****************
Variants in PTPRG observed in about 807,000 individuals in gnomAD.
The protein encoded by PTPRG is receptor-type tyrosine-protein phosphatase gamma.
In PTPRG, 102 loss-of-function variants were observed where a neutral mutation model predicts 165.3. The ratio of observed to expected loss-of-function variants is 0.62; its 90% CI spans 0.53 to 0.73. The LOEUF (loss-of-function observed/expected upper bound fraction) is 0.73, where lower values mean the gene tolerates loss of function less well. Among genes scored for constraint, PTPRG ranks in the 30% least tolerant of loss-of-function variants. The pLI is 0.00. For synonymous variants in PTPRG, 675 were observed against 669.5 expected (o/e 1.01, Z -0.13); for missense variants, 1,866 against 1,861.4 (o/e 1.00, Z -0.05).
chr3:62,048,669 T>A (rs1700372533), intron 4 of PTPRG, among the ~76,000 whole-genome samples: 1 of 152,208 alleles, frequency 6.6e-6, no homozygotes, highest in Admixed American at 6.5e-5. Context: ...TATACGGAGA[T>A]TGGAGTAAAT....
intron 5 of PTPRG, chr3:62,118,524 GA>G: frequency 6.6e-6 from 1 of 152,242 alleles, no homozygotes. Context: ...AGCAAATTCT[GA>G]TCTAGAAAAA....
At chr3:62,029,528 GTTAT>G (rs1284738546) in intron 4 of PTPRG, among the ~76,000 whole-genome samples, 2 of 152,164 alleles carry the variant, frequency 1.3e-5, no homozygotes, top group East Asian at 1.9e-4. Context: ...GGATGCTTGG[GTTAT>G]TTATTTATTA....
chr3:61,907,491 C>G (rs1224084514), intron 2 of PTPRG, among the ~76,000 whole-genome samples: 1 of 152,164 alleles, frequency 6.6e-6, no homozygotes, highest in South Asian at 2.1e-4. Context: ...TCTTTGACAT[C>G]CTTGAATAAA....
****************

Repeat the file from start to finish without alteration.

Variants in PTPRG observed in about 807,000 individuals in gnomAD.
The protein encoded by PTPRG is receptor-type tyrosine-protein phosphatase gamma.
In PTPRG, 102 loss-of-function variants were observed where a neutral mutation model predicts 165.3. The ratio of observed to expected loss-of-function variants is 0.62; its 90% CI spans 0.53 to 0.73. The LOEUF (loss-of-function observed/expected upper bound fraction) is 0.73, where lower values mean the gene tolerates loss of function less well. Among genes scored for constraint, PTPRG ranks in the 30% least tolerant of loss-of-function variants. The pLI is 0.00. For synonymous variants in PTPRG, 675 were observed against 669.5 expected (o/e 1.01, Z -0.13); for missense variants, 1,866 against 1,861.4 (o/e 1.00, Z -0.05).
chr3:62,048,669 T>A (rs1700372533), intron 4 of PTPRG, among the ~76,000 whole-genome samples: 1 of 152,208 alleles, frequency 6.6e-6, no homozygotes, highest in Admixed American at 6.5e-5. Context: ...TATACGGAGA[T>A]TGGAGTAAAT....
intron 5 of PTPRG, chr3:62,118,524 GA>G: frequency 6.6e-6 from 1 of 152,242 alleles, no homozygotes. Context: ...AGCAAATTCT[GA>G]TCTAGAAAAA....
At chr3:62,029,528 GTTAT>G (rs1284738546) in intron 4 of PTPRG, among the ~76,000 whole-genome samples, 2 of 152,164 alleles carry the variant, frequency 1.3e-5, no homozygotes, top group East Asian at 1.9e-4. Context: ...GGATGCTTGG[GTTAT>G]TTATTTATTA....
chr3:61,907,491 C>G (rs1224084514), intron 2 of PTPRG, among the ~76,000 whole-genome samples: 1 of 152,164 alleles, frequency 6.6e-6, no homozygotes, highest in South Asian at 2.1e-4. Context: ...TCTTTGACAT[C>G]CTTGAATAAA....